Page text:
Strategic alignment with priorities

IconThe FRDC is part of a larger national agrisystem and global community working together to tackle shared challenges. the size and extent of these challenges means that collaboration will be critical.

The objects of the PIRD Act provide the foundation for everything that the FRDC does and ensures there is alignment between FRDC’s strategic plan and the CRRDC’s vision for 2050. as the FRDC aims to achieve the outcomes of this R&D Plan it will continue to work closely with the CRRDC and other rural research and development corporations on areas of common interest.

The focus of this R&D Plan is consistent with the Australian Government’s rural research, development and extension priorities:

  • advanced technology — to enhance innovation of products, processes and practices across the food and fibre supply chains through technologies such as robotics, digitisation, big data, genetics and precision agriculture,
  • biosecurity — to improve understanding and evidence of pest and disease pathways to help direct biosecurity resources to their best uses, minimising biosecurity threats and improving market access for primary producers,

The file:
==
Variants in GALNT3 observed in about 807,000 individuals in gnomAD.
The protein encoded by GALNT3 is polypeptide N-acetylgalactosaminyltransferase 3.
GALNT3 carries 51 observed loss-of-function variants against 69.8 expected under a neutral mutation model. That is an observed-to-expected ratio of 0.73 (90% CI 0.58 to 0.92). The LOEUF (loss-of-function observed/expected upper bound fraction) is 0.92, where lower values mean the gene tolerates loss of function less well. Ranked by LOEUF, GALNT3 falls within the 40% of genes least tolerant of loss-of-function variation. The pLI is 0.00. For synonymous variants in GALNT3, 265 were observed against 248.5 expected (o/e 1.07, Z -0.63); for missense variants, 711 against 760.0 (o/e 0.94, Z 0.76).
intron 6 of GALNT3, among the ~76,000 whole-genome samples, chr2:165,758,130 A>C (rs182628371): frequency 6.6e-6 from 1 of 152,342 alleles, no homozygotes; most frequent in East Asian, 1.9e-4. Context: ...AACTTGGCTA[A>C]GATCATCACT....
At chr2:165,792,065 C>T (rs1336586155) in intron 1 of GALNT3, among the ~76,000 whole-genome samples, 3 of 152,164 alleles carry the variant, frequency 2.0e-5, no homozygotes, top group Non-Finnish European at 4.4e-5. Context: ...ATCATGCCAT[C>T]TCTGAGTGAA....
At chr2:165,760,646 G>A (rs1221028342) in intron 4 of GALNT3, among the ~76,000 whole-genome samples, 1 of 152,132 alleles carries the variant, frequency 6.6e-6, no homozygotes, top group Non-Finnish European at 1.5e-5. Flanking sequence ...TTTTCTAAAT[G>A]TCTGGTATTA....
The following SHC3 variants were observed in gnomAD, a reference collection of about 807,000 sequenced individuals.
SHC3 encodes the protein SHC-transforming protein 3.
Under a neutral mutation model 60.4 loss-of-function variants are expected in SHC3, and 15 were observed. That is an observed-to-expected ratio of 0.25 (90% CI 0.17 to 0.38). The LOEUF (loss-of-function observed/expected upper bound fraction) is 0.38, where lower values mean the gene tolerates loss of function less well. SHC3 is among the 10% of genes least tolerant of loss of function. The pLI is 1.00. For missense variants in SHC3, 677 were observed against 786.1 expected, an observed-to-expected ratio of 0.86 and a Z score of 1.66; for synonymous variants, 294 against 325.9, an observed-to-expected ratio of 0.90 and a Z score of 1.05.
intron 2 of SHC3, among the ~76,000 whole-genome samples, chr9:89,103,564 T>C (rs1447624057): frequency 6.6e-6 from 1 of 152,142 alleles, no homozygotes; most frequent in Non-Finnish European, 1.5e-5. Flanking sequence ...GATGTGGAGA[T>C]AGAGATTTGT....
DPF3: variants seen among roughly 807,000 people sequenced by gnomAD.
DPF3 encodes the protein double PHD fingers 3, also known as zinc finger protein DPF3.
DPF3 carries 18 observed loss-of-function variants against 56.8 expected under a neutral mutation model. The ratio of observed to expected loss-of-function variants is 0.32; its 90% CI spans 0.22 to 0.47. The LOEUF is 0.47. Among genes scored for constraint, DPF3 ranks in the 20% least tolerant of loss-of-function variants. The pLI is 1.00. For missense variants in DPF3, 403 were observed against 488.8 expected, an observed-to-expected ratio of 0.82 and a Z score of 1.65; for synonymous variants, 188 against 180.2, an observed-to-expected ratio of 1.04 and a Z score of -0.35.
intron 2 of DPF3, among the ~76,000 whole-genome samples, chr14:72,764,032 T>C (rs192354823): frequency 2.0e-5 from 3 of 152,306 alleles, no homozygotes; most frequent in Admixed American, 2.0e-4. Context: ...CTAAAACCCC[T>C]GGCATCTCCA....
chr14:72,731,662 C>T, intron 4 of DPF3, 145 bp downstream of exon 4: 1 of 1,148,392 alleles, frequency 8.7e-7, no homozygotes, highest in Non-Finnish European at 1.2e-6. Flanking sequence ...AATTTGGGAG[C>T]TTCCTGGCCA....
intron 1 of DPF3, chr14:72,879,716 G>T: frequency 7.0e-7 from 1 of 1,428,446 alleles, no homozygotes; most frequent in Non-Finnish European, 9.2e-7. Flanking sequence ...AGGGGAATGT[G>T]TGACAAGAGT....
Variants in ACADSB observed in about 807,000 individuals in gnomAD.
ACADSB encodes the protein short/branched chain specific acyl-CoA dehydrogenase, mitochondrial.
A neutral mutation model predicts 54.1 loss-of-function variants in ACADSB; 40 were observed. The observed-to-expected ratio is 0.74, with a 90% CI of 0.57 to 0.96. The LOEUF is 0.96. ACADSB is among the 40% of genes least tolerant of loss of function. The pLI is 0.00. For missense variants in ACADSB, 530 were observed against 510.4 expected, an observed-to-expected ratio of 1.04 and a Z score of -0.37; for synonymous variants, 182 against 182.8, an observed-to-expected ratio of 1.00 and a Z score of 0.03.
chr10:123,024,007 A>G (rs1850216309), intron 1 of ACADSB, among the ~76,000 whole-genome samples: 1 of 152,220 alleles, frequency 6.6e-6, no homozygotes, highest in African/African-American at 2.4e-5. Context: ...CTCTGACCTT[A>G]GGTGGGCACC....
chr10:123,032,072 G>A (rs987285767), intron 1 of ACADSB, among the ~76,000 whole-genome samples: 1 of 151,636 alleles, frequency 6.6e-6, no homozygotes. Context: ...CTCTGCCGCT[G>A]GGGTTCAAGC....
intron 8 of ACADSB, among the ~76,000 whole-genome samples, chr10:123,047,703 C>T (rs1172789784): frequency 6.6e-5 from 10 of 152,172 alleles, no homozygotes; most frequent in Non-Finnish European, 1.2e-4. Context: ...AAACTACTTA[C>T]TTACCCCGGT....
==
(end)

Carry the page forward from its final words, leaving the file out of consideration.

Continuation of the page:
• soil, water and managing natural resources — to manage soil health, improve water use efficiency and certainty of supply, sustainably develop new production areas and improve resilience to climate events and impacts,
  • adoption of R&D— focusing on flexible delivery of extension services that meet primary producers’ needs and recognising the growing role of private service delivery.

The FRDC’s investment in R&D over the life this R&D Plan, also aligns in focus or intent with global and national strategies, which include the:

  • United Nations Sustainable Development Goals,
  • Australian Government’s nine science and research priorities and associated practical research challenges relating to food, soil and water, transport, advanced manufacturing, environmental change and health,
  • National Marine Science Plan, National Fishing Advisory Council, Australian Fisheries Management Forum and relevant industry and sector plans.

Considering both national and international strategies has been important because the FRDC and the planned outcomes of this five-year R&D Plan are part of a movement for change in public policy generally and the use of aquatic resources in particular.

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